The efficiency of neural network method for solving boundary value problems depends on the efficiency of the method of solving the problem of the error functional minimization (3). TRM is one of the best approaches to solve problem (3) [12, 15]. The key features of this method are as follows: it has the possibility of simultaneous optimization of a large number of parameters; it has a high level of efficiency and convergence even for bad-conditioned problems; it can overcome local minimums; it has the capability of minimization of concave functions, that is, functions with negative definite Hessian matrix; and finally, when the second-order Taylor expansion is used as an approximating function, the problem of the objective function minimization reduces to the problem of minimizing a quadratic functional [13]. All these make TRM ideal for solution of the problem of minimizing the error functional, which often has a large number of parameters to be optimized and many local minima, and it is an ill-conditioned problem.

The basic idea of TRM is that, at each iteration of the function minimization, where ( is the domain of definition and is a set of real numbers), the function is replaced by an approximating function in the trust region and the minimum of is calculated in , which becomes a new minimum of .

Depending on how the decrease predicted by the model is confirmed by the objective function, the decision on the expansion or contraction of the trust region is taken. There is a formal description of the algorithm.

*Algorithm 1 (TRM). * *Step 1* (*initialization*). Specify an initial value of , the radius of the trust region , the threshold accuracy of the estimated models and such that , the transformation coefficients and of the trust region (), and the number of the iterations . *Step 2* (*approximation of *). Select the norm and construct a function , approximating function in the area . *Step 3* (*minimization of *). Select the method of conditional minimization of , which allows finding such a step that point is a global minimum of in .*Step **4*. This step consists in evaluation of the model accuracy that is calculated as follows: If , then ; otherwise, . *Step **5*. Change the trust region radius*Step 6* (*increasing the number of the iterations *). If the required accuracy of the solution has been reached, or is equal to the maximum number of iterations, or the radius of the trust region is too small, then complete the learning; otherwise, go back to Step 2. *Step 7* (*stop*). The algorithm is a generalized algorithm of TRM, as it has no instructions on how to construct a function , select the norm , and what method to use for minimization.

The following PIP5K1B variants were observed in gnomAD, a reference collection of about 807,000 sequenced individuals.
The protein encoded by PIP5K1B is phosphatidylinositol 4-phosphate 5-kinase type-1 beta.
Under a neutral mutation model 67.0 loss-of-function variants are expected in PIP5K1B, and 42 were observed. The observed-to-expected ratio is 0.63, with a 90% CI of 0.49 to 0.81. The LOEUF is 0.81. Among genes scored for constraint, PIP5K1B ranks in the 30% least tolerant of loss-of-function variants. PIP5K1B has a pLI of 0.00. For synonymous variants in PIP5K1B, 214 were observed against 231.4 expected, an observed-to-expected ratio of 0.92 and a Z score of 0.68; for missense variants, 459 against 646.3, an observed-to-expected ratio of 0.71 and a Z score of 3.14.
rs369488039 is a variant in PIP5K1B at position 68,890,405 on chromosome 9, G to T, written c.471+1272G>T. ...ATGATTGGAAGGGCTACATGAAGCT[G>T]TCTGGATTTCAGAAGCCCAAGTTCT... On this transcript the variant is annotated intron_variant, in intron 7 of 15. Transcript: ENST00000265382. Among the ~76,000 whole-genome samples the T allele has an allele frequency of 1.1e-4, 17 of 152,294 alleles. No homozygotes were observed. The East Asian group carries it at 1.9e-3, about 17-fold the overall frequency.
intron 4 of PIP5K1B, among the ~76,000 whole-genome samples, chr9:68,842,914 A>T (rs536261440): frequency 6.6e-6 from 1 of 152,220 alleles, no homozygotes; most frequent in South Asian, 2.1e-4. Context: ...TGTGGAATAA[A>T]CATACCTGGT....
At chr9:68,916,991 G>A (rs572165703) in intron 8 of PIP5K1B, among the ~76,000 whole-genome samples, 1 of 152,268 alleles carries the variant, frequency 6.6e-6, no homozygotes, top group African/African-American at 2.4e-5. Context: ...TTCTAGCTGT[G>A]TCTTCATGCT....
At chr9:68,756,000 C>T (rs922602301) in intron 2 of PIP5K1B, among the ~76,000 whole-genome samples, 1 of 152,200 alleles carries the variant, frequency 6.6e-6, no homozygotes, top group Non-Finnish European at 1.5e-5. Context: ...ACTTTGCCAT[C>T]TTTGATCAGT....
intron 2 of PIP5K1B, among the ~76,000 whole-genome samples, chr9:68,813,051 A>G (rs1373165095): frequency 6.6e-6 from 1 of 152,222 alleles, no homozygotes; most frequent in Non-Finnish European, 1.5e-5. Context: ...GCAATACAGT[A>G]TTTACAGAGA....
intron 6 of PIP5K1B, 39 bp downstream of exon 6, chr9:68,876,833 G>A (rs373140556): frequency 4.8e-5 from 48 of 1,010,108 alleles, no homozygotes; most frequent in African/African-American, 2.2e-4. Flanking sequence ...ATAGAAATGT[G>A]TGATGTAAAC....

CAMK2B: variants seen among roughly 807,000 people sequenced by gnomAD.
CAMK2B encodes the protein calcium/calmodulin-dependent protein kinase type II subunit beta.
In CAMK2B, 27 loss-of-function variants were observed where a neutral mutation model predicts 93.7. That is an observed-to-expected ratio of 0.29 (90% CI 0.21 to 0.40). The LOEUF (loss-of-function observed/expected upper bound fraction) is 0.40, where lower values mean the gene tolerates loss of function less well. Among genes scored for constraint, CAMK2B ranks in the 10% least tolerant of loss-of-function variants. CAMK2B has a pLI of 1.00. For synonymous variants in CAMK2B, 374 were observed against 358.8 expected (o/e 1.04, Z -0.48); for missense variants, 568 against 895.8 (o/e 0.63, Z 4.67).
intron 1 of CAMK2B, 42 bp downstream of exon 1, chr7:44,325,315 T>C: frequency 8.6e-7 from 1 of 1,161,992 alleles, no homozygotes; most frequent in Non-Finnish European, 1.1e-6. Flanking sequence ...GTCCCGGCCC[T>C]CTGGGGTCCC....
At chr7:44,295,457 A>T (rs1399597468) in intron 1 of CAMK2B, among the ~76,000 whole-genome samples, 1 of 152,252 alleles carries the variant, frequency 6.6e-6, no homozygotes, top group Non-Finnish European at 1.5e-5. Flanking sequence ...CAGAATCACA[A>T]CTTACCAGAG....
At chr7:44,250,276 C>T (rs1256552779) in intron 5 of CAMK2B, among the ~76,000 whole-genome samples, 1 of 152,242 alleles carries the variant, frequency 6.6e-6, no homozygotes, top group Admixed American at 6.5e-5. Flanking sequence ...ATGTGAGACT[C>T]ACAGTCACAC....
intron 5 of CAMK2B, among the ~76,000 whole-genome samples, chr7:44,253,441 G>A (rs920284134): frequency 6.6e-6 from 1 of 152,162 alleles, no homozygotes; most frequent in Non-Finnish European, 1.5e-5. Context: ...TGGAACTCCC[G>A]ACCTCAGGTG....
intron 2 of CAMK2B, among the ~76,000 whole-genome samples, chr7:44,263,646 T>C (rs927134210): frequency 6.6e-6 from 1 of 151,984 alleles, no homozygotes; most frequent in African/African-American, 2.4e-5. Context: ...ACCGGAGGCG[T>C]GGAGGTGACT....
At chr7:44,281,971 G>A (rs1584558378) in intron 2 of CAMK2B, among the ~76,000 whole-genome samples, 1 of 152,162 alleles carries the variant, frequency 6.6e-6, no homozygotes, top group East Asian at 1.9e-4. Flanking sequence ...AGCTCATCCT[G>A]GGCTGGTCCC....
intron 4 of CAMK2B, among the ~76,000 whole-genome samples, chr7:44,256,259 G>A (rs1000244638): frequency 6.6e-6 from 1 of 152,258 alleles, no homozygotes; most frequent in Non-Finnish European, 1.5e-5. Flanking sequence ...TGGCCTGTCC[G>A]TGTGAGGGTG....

Since the error functional is a twice differentiable function, hence the second-order Taylor series can be used as model of ; as the norm, we are using the Euclidean norm here. To get the second-order Taylor series, it is necessary to calculate the Hessian matrix, which has a large computation cost. Instead of the exact value of the Hessian, we are using its approximate value, which is a multiplication of the Jacobi matrices , where the Jacobian of the error function has the formwhereUsing the second-order Taylor series leads to the need for solving the conditional problem of a quadratic functional minimization. To solve it, Steihaug’s method [16] is used here. This method is a modification of the method of preconditioned conjugate directions, taking into account the restrictions on the solution (the solution should lie in ) during functional minimization and allowing working with negative definite Hessian matrix.

#### 4. Experimental Study

As an example of solving boundary value problems using RBFN, learned by TRM, consider the boundary value problem for the two-dimensional Poisson equation, described in [8]This problem often arises in thermodynamics, electrostatics, and image processing.

Let the solution domain be square bounded by the points and , , . This problem has an analytical solution . We will use it to evaluate the accuracy of the resulting numerical solution. There is an error functional of this problem: Two experiments were done with different initial values of the network parameters. In both experiments, 144 randomly selected sample points were used to learn the networks. 100 of them were located in the area of solutions , and 44 were located on the border . Gaussian function was used as RBF. In the first experiment, RBFN consisted of 16 neurons, whose centers were randomly distributed in a square area bounded by points and . The width of the RBFs was randomly chosen from the interval . Initial values of the RBF weights have been chosen randomly from the interval . Penalty factor . TRM parameters were equal to , , , , and . Note that the presented hyperparameters of both RBFN and TRM were selected manually, although more advanced techniques can be used in the future, like grid search, genetic algorithm, and others.

Learning of the network was completed in 8 iterations, with the value of the solution error being equal to . The solution error was calculated according to the formula of the relative standard error: The error graph is shown in Figure 1.